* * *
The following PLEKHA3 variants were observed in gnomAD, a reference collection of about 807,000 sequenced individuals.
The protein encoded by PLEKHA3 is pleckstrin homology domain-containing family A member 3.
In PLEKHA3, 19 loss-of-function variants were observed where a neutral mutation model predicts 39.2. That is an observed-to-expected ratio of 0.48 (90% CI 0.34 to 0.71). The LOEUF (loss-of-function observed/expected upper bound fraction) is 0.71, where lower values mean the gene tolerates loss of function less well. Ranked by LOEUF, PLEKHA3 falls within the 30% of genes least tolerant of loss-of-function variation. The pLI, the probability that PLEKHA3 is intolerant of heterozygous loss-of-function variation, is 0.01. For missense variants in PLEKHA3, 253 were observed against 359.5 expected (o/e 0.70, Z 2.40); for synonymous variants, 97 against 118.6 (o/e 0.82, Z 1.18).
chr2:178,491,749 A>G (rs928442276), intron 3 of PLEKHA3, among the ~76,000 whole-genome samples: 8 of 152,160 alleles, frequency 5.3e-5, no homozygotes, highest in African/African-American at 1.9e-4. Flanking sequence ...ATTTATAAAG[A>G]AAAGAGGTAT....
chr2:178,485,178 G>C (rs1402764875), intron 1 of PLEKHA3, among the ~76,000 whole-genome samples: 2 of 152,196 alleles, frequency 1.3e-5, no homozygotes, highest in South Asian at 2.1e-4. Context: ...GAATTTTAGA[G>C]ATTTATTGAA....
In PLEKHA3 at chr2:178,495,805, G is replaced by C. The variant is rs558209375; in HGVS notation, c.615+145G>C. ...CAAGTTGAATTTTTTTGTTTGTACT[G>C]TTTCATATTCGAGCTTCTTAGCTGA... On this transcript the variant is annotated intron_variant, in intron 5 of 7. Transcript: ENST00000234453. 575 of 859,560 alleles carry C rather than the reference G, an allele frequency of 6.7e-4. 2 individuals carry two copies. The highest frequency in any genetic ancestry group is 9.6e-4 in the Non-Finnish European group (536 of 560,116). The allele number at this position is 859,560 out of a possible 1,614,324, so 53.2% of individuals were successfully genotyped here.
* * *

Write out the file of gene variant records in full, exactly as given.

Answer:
The following PLEKHA3 variants were observed in gnomAD, a reference collection of about 807,000 sequenced individuals.
The protein encoded by PLEKHA3 is pleckstrin homology domain-containing family A member 3.
In PLEKHA3, 19 loss-of-function variants were observed where a neutral mutation model predicts 39.2. That is an observed-to-expected ratio of 0.48 (90% CI 0.34 to 0.71). The LOEUF (loss-of-function observed/expected upper bound fraction) is 0.71, where lower values mean the gene tolerates loss of function less well. Ranked by LOEUF, PLEKHA3 falls within the 30% of genes least tolerant of loss-of-function variation. The pLI, the probability that PLEKHA3 is intolerant of heterozygous loss-of-function variation, is 0.01. For missense variants in PLEKHA3, 253 were observed against 359.5 expected (o/e 0.70, Z 2.40); for synonymous variants, 97 against 118.6 (o/e 0.82, Z 1.18).
chr2:178,491,749 A>G (rs928442276), intron 3 of PLEKHA3, among the ~76,000 whole-genome samples: 8 of 152,160 alleles, frequency 5.3e-5, no homozygotes, highest in African/African-American at 1.9e-4. Flanking sequence ...ATTTATAAAG[A>G]AAAGAGGTAT....
chr2:178,485,178 G>C (rs1402764875), intron 1 of PLEKHA3, among the ~76,000 whole-genome samples: 2 of 152,196 alleles, frequency 1.3e-5, no homozygotes, highest in South Asian at 2.1e-4. Context: ...GAATTTTAGA[G>C]ATTTATTGAA....
In PLEKHA3 at chr2:178,495,805, G is replaced by C. The variant is rs558209375; in HGVS notation, c.615+145G>C. ...CAAGTTGAATTTTTTTGTTTGTACT[G>C]TTTCATATTCGAGCTTCTTAGCTGA... On this transcript the variant is annotated intron_variant, in intron 5 of 7. Transcript: ENST00000234453. 575 of 859,560 alleles carry C rather than the reference G, an allele frequency of 6.7e-4. 2 individuals carry two copies. The highest frequency in any genetic ancestry group is 9.6e-4 in the Non-Finnish European group (536 of 560,116). The allele number at this position is 859,560 out of a possible 1,614,324, so 53.2% of individuals were successfully genotyped here.